Work/Life Balance and Startup Success Aren’t Mutually Exclusive

My Fast Company article titled How Southern Tech Workers Build Booming Businesses and Still Go Home at 5 elicited a number of strong responses, many arguing that it makes startups in the South uninvestable and that you need to work more early on in fast moving markets.

True, the article said, “consider that many people in my company, and in companies of friends, leave the office around 5 p.m. or 5:30 p.m.” but that’s more of a focus on work/life balance as opposed to sheer number of hours worked. CNN reported in April that the Facebook COO leaves every day at 5:30pm regardless. Much like it goes on to say that Sandberg checks email and works after the kids go to bed, so do I. Startups and entrepreneurship are very involving, and that’s great, especially because of the passion that exists for it beyond being a job.

I know entrepreneurs that have built successful startups from the ground-up while still being able to attend their kids’ sporting events every night. Even with competitive, fast-moving markets there are enough hours in the day to accomplish a great deal and still spend time with your family. Imagine cutting out TV. How much time will that save? Imagine working 20% smarter instead of 20% longer. How much time will that free up?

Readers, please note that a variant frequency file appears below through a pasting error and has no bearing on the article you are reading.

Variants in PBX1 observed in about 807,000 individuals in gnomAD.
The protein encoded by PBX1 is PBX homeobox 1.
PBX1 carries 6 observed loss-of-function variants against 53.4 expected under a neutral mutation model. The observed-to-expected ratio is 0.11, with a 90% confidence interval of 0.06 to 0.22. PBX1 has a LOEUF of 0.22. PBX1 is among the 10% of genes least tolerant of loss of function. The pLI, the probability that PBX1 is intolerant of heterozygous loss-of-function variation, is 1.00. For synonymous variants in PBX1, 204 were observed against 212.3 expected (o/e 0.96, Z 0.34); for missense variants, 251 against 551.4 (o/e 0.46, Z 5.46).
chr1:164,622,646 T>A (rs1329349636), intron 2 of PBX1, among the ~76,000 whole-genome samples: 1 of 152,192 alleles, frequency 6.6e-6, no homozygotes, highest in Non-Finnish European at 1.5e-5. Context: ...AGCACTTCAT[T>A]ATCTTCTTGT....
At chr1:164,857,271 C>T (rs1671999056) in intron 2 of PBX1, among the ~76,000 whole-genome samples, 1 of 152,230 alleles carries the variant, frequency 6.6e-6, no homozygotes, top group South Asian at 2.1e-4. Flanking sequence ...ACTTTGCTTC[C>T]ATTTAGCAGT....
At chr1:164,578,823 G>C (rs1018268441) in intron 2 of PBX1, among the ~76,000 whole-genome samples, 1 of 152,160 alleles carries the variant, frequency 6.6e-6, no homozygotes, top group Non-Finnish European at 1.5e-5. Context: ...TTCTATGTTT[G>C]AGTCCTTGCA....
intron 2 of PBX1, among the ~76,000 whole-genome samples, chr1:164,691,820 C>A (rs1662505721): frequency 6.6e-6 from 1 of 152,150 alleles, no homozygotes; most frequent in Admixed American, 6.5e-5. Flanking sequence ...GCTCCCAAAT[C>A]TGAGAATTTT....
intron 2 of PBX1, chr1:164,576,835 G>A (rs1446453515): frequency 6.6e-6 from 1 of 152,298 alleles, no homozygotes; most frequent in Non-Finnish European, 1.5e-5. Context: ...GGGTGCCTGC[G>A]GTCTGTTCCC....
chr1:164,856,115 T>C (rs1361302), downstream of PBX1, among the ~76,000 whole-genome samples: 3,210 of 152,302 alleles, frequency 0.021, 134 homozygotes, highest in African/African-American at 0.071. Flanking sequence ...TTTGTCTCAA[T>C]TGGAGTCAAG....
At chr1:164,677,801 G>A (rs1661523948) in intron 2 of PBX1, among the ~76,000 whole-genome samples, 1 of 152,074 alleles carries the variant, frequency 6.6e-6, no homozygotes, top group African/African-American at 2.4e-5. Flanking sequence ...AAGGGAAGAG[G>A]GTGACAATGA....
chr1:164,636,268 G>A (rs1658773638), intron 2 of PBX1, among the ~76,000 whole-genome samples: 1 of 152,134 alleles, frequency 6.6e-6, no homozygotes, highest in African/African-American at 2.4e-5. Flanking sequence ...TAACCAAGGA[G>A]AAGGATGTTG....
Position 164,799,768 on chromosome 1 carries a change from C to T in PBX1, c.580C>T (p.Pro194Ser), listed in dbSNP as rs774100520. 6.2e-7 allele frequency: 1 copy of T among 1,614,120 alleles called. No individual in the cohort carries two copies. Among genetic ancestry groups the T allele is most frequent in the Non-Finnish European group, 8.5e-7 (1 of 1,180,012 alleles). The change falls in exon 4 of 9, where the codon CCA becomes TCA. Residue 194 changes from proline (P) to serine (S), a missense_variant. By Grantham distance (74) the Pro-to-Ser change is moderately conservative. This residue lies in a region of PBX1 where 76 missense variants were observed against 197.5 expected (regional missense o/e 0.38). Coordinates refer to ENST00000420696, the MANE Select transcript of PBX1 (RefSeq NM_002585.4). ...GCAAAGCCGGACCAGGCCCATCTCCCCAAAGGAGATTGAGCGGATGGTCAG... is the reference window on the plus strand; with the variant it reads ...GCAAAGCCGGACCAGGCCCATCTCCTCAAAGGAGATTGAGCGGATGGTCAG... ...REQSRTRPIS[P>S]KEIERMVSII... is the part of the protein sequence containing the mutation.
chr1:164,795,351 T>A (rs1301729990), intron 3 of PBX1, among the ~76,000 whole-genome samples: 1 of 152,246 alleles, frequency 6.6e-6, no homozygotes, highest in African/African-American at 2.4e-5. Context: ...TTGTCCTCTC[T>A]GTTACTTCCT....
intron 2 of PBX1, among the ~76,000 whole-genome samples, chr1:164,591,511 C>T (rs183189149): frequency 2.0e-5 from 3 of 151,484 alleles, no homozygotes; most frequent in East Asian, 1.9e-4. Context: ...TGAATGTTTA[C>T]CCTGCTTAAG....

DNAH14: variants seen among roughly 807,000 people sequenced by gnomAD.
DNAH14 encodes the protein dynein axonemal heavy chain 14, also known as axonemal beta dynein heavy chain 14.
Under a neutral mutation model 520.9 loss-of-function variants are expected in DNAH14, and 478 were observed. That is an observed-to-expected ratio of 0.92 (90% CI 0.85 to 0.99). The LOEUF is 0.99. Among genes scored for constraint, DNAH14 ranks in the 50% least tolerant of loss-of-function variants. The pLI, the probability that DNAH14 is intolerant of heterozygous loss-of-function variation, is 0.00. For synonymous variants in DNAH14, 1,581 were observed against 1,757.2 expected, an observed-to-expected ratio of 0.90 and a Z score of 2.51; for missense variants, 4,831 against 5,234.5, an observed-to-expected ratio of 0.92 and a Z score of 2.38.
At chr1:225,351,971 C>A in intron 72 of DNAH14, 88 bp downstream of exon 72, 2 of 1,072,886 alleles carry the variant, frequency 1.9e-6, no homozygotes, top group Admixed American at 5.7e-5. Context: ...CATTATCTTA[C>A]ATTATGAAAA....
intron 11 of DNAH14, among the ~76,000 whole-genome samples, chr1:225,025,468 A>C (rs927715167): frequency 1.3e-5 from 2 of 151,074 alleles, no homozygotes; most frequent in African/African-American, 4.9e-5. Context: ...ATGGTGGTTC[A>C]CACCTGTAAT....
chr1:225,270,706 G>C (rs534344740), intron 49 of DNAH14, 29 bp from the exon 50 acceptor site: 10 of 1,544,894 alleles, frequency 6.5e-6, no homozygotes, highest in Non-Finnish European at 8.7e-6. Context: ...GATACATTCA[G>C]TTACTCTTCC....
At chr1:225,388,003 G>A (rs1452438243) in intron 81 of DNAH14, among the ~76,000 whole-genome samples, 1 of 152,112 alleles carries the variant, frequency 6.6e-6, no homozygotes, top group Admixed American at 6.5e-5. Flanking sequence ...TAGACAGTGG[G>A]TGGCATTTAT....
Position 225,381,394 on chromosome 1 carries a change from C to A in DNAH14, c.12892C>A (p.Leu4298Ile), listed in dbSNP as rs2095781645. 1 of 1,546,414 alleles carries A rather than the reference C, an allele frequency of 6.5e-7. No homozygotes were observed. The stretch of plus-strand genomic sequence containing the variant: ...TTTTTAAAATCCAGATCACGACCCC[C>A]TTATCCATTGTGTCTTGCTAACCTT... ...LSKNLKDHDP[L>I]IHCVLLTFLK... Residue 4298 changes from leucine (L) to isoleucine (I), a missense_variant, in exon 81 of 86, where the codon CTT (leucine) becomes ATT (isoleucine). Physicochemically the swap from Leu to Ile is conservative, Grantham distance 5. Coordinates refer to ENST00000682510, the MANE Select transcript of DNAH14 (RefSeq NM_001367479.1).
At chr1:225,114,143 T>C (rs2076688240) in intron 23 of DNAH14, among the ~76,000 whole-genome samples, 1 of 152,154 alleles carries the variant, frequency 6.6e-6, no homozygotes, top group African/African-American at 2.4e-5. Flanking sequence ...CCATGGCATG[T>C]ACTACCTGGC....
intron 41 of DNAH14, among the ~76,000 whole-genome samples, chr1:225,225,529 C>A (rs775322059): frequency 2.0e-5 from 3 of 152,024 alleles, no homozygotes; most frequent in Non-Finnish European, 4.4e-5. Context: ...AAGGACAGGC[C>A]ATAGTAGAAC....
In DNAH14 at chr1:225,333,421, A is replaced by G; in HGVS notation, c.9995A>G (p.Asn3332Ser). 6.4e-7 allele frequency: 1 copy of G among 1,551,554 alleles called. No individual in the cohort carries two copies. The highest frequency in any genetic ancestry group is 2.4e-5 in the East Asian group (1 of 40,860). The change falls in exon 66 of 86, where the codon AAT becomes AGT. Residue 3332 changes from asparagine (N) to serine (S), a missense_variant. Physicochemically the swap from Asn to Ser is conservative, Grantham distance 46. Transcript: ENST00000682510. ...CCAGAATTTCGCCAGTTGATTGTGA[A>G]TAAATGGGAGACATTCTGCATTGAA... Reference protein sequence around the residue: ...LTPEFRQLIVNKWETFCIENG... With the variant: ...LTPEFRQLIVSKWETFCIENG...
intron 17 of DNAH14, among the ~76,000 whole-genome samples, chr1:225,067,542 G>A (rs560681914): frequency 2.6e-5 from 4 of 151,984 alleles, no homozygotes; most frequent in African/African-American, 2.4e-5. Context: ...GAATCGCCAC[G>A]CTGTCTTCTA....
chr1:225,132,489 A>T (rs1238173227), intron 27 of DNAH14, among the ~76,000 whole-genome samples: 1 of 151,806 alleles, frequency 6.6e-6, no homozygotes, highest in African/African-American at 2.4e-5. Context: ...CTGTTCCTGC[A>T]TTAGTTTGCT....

Work/life balance and startup success at any stage aren’t mutually exclusive. There are enough hours in the day to be effective and present.

What else? What are your thoughts on ways that work/life balance are or are not mutually exclusive?

One thought on “Work/Life Balance and Startup Success Aren’t Mutually Exclusive

  1. Two Points:
    1) I completely agree you can have work/life balance even at the early stage of start ups but, it’s unpredictable. Some weeks are extremely busy while others are more normal. In corporate, you have much more visibility into when those spikes will occur. Entrepreneurial spike happen on a Friday afternoon when you’re about to leave for a weekend away (at least for me).

    2) I also believe you can have a family. I’m an entrepreneur with a wife and 6 yr old child. They provide structure. They make me want to be more efficient during the day. And, as you stated, I’ve cut out most TV, some social with friends (writing this post on a Sat night at 11:25pm) and generally wasting time.

    I’ve found some of the principles in The 4 Hour Workweek (http://www.fourhourworkweek.com/) are helpful for creating balance as an entrepreneur

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